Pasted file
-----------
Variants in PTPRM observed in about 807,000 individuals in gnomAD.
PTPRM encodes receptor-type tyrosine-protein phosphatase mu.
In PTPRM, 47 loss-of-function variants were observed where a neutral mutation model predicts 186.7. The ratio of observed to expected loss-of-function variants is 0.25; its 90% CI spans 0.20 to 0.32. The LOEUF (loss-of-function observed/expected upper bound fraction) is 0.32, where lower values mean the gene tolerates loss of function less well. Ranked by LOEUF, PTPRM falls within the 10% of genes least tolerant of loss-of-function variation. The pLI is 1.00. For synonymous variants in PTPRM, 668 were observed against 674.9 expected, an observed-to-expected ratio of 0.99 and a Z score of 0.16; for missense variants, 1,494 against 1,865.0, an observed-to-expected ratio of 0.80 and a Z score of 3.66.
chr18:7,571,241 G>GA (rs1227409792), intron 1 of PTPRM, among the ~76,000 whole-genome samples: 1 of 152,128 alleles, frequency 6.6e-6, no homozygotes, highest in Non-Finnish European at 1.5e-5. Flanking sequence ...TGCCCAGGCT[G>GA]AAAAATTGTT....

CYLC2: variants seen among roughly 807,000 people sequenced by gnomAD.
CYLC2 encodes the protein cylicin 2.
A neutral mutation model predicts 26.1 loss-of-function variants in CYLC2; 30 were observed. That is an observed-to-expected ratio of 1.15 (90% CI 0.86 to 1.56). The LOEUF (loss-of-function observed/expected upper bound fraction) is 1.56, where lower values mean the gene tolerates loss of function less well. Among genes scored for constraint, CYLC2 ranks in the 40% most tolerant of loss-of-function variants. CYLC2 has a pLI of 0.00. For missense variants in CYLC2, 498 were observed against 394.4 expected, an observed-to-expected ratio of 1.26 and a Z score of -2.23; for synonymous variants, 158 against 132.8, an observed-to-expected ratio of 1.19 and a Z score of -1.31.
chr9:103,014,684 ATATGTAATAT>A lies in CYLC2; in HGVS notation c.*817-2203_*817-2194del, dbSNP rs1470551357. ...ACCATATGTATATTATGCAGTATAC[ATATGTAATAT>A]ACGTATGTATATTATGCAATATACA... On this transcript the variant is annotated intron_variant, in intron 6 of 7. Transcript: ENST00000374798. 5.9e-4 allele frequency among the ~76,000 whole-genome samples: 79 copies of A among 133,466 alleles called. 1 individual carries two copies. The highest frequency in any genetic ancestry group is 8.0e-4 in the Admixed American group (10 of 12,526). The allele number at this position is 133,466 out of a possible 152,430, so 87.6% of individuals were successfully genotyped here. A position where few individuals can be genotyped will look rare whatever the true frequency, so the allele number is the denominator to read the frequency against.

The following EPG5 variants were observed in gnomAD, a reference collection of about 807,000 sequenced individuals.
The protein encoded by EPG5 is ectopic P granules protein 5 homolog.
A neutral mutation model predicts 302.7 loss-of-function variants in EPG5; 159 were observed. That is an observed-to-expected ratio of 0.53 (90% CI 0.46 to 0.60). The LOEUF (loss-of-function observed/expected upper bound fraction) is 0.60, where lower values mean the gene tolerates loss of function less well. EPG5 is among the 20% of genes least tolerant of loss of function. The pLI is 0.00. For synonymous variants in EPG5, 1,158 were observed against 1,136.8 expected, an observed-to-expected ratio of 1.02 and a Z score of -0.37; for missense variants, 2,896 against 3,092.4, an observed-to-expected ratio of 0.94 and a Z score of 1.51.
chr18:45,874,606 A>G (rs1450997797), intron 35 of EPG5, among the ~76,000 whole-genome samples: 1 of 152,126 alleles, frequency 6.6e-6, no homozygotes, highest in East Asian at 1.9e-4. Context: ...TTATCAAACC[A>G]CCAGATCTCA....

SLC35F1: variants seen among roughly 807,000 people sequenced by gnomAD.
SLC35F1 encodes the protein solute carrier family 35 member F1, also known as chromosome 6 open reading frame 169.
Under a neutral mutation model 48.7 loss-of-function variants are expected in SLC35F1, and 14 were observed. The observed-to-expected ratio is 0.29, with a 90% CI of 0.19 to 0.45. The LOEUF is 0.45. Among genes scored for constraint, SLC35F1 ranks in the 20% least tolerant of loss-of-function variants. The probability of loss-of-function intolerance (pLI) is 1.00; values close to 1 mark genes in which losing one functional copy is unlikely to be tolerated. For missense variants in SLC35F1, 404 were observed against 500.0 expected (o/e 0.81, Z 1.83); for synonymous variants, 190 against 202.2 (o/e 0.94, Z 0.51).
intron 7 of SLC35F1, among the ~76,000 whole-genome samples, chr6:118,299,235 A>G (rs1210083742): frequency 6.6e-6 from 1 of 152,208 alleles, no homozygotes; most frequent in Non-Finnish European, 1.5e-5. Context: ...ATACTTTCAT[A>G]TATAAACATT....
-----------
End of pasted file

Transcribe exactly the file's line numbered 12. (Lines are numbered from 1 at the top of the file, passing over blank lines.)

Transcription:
chr18:45,874,606 A>G (rs1450997797), intron 35 of EPG5, among the ~76,000 whole-genome samples: 1 of 152,126 alleles, frequency 6.6e-6, no homozygotes, highest in East Asian at 1.9e-4. Context: ...TTATCAAACC[A>G]CCAGATCTCA....